Posted in: Articles, Motion Control, Drilling, Fastening, Robotics, Quality standards
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Hybrid Stepper Advancements Improve Medical Pump Performance

Designers of medical pumps often have to deal with the challenge of implementing precise, yet low-cost motion control. For most medical pumps, there are three basic technology alternatives for implementing such electronic motion control: permanent magnet brush DC motors, brushless DC motors, or step motors. Step motors (sometimes called stepping motors, stepper motors, or simply steppers) are a solid choice for position or speed control. Steppers are inherently digital — a pulse applied to the drive electronics results in a shaft movement of one step. They are commonly used “open loop,” meaning without feedback, due to their ability to achieve the desired number of steps every time (if sized properly). The number of incoming pulses and the rate at which they are fed can be used to implement very precise, yet very simple motion (position, speed, and acceleration) control. As long as the speeds required are not too high (less than 3000 RPM, typically), steppers often offer a far simpler, lower-cost, and maintenance- free alternative.

Posted in: Articles, Motion Control, Hybrid power, Medical equipment and supplies, Pumps, Electric motors
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Factors to Consider When Selecting and Specifying LVDT Linear Position Sensors

Fitting the right type of linear position sensor to an application requires at least a working knowledge of the attributes of this electromechanical device. Starting with the basics, the LVDT (linear variable differential transformer) is a common type of linear position sensor widely used in electromechanical systems today. It consists of two basic elements: a stationary coil assembly and a movable core or armature. While most LVDTs are fundamentally AC-in/AC-out devices, some have electronics built-in to make them DC-in/DC-out devices. This gives rise to the terms “AC-LVDTs” and “DC-LVDTs”.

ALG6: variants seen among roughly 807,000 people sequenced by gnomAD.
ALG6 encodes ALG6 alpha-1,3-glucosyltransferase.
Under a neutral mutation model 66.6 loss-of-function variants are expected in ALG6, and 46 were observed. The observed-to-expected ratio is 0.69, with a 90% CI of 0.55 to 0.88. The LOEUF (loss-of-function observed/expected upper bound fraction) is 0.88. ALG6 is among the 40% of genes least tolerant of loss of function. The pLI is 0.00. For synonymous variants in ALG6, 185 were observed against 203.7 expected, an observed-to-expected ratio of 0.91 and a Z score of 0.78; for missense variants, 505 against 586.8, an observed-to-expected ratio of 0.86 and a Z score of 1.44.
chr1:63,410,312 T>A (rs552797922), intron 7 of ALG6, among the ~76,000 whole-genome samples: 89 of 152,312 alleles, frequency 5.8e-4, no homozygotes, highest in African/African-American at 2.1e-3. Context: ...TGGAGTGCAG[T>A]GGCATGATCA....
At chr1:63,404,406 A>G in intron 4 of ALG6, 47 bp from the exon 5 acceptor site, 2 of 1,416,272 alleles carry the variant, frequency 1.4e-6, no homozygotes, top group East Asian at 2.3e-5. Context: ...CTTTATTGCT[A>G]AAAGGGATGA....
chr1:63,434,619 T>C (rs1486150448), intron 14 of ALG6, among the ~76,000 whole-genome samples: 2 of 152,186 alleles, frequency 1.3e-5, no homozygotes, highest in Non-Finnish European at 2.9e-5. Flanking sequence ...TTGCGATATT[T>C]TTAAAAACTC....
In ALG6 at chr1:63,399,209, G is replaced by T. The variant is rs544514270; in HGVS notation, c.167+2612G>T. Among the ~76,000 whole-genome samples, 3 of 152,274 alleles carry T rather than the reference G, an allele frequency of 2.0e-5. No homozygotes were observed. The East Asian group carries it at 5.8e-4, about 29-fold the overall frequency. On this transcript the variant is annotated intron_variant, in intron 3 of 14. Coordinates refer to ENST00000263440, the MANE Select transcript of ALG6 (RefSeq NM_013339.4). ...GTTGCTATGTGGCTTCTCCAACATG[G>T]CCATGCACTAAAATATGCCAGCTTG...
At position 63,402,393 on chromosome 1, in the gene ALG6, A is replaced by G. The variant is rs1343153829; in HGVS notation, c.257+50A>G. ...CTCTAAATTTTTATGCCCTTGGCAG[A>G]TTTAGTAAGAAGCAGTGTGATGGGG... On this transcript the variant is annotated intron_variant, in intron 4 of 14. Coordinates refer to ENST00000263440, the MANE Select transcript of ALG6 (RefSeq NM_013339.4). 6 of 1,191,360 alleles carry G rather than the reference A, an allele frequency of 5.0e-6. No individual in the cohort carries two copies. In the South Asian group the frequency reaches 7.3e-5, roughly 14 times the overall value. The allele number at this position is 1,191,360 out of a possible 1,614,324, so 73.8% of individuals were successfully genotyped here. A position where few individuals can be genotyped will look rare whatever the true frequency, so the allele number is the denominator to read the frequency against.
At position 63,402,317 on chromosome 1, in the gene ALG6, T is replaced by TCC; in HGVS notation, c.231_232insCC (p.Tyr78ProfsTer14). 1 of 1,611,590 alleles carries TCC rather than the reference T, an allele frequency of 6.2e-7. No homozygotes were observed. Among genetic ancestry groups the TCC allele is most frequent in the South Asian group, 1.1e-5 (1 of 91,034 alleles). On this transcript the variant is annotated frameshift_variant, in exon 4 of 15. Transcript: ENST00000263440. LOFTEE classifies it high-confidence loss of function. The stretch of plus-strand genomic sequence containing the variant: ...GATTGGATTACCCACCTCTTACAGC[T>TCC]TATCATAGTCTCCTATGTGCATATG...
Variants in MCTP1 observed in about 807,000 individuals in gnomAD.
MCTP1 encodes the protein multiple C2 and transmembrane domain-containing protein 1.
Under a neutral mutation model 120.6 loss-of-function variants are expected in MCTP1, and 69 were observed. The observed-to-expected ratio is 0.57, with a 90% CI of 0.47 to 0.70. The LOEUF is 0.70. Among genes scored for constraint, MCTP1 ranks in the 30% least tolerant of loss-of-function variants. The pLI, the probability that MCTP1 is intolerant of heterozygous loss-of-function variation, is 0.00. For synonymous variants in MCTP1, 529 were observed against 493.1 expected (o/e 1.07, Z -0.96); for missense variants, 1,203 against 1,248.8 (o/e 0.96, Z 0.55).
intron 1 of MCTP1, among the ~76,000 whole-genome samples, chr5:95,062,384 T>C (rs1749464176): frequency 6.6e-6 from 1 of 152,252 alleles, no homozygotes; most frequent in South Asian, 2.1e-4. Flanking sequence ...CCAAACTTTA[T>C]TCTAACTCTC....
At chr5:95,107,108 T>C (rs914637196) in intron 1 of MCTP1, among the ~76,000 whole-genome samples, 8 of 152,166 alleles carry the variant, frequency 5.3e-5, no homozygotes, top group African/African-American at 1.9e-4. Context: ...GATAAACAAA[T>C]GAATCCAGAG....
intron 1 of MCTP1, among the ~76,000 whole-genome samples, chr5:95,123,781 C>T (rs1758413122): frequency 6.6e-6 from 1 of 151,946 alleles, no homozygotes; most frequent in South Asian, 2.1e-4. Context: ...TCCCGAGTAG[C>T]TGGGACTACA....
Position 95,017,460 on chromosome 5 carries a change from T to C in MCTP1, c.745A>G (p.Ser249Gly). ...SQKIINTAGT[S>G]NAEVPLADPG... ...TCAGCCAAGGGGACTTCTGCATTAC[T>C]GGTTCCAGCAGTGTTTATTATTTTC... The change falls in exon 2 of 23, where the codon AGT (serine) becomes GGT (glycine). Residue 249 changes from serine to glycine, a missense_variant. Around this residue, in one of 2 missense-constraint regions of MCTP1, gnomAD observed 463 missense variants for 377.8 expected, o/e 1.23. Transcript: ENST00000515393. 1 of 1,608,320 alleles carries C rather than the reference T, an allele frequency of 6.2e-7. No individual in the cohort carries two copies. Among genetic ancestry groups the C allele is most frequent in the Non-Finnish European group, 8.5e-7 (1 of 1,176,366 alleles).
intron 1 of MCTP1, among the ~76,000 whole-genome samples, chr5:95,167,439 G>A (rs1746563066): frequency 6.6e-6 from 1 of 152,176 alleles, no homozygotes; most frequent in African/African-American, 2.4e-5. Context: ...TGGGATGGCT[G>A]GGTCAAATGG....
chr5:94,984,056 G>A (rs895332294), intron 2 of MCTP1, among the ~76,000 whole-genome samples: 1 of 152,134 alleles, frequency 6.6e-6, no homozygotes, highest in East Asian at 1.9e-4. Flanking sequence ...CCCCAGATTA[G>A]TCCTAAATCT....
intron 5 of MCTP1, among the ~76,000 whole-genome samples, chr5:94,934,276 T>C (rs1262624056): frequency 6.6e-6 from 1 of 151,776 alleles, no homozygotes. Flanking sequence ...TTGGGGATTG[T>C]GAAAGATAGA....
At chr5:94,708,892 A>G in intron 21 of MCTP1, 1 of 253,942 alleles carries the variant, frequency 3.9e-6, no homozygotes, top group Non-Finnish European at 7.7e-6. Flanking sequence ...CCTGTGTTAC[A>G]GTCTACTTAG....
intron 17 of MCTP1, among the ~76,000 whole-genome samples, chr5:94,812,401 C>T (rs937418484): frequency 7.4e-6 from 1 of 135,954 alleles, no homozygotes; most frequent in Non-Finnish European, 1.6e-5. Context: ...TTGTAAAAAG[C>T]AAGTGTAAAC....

Posted in: Articles, Motion Control, Architecture, Microelectromechanical devices, Sensors and actuators
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Simulation of Fluid-Structure Interaction in Hydraulic Pump Design

Axial pumps with cam-driven commutation units — so-called PWK pumps — emerged as a result of a research project conducted in the Department of Hydraulics and Pneumatics at the Gdansk University of Technology. As for all axial hydraulic piston pumps, several cylinder chambers are positioned around the rotating shaft of an axial pump with cam-driven commutation units — called PWK pumps. The rotation of the shaft and the attached swash plate leads to movement of the pistons that alternately decreases and increases the fluid volume of the chambers. A window — which is part of the control sleeve or commutating bushing — connects the chamber between the pistons with the low-pressure and highpressure intake and outtake channels.

Posted in: Articles, Motion Control, Computational fluid dynamics, Pumps, Cams, Hydraulic equipment, Pistons
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Reducing Machine Controller Design and Deployment

Machine design and deployment requires integration of various technologies such as controls, mechanics, vision, lasers, data acquisition, and software, to mention only a few. These mechatronic solutions usually target a specific purpose such as part manufacturing, marking, packaging, etc. Often the controller is a key focus in the design because it must connect and coordinate all of the processes on the machine. Using separate programmable logic controllers (PLCs) and motion controllers necessitates integration, which is costly and time-consuming. Using a single controller for the machine eliminates the need for integration and shortens design and deployment time and cost.

Posted in: Articles, Motion Control, Computer software and hardware, Automation